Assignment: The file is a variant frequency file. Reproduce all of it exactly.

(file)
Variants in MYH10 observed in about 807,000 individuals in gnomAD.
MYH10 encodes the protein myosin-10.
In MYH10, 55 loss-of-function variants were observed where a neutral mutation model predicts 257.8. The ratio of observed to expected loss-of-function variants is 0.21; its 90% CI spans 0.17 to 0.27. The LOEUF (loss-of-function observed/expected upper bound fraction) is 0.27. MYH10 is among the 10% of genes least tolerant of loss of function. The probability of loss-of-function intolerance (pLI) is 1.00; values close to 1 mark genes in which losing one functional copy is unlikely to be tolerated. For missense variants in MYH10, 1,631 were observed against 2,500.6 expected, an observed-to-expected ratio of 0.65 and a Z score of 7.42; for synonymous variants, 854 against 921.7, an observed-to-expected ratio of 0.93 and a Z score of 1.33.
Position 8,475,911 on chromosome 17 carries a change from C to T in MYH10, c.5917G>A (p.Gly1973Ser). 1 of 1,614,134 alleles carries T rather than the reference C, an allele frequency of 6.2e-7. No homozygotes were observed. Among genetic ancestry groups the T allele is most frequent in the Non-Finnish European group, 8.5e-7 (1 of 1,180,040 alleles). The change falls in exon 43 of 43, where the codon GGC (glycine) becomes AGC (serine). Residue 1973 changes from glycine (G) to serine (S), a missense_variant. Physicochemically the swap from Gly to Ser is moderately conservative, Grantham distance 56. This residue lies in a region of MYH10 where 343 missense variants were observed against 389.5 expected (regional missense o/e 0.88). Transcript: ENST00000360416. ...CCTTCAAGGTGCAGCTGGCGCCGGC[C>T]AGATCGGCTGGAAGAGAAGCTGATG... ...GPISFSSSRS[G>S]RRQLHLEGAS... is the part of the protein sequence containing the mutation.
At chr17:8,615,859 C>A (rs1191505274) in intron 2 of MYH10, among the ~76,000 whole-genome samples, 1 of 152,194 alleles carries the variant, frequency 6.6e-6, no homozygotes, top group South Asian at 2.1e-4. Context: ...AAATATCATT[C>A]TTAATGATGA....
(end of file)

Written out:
Variants in MYH10 observed in about 807,000 individuals in gnomAD.
MYH10 encodes the protein myosin-10.
In MYH10, 55 loss-of-function variants were observed where a neutral mutation model predicts 257.8. The ratio of observed to expected loss-of-function variants is 0.21; its 90% CI spans 0.17 to 0.27. The LOEUF (loss-of-function observed/expected upper bound fraction) is 0.27. MYH10 is among the 10% of genes least tolerant of loss of function. The probability of loss-of-function intolerance (pLI) is 1.00; values close to 1 mark genes in which losing one functional copy is unlikely to be tolerated. For missense variants in MYH10, 1,631 were observed against 2,500.6 expected, an observed-to-expected ratio of 0.65 and a Z score of 7.42; for synonymous variants, 854 against 921.7, an observed-to-expected ratio of 0.93 and a Z score of 1.33.
Position 8,475,911 on chromosome 17 carries a change from C to T in MYH10, c.5917G>A (p.Gly1973Ser). 1 of 1,614,134 alleles carries T rather than the reference C, an allele frequency of 6.2e-7. No homozygotes were observed. Among genetic ancestry groups the T allele is most frequent in the Non-Finnish European group, 8.5e-7 (1 of 1,180,040 alleles). The change falls in exon 43 of 43, where the codon GGC (glycine) becomes AGC (serine). Residue 1973 changes from glycine (G) to serine (S), a missense_variant. Physicochemically the swap from Gly to Ser is moderately conservative, Grantham distance 56. This residue lies in a region of MYH10 where 343 missense variants were observed against 389.5 expected (regional missense o/e 0.88). Transcript: ENST00000360416. ...CCTTCAAGGTGCAGCTGGCGCCGGC[C>T]AGATCGGCTGGAAGAGAAGCTGATG... ...GPISFSSSRS[G>S]RRQLHLEGAS... is the part of the protein sequence containing the mutation.
At chr17:8,615,859 C>A (rs1191505274) in intron 2 of MYH10, among the ~76,000 whole-genome samples, 1 of 152,194 alleles carries the variant, frequency 6.6e-6, no homozygotes, top group South Asian at 2.1e-4. Context: ...AAATATCATT[C>A]TTAATGATGA....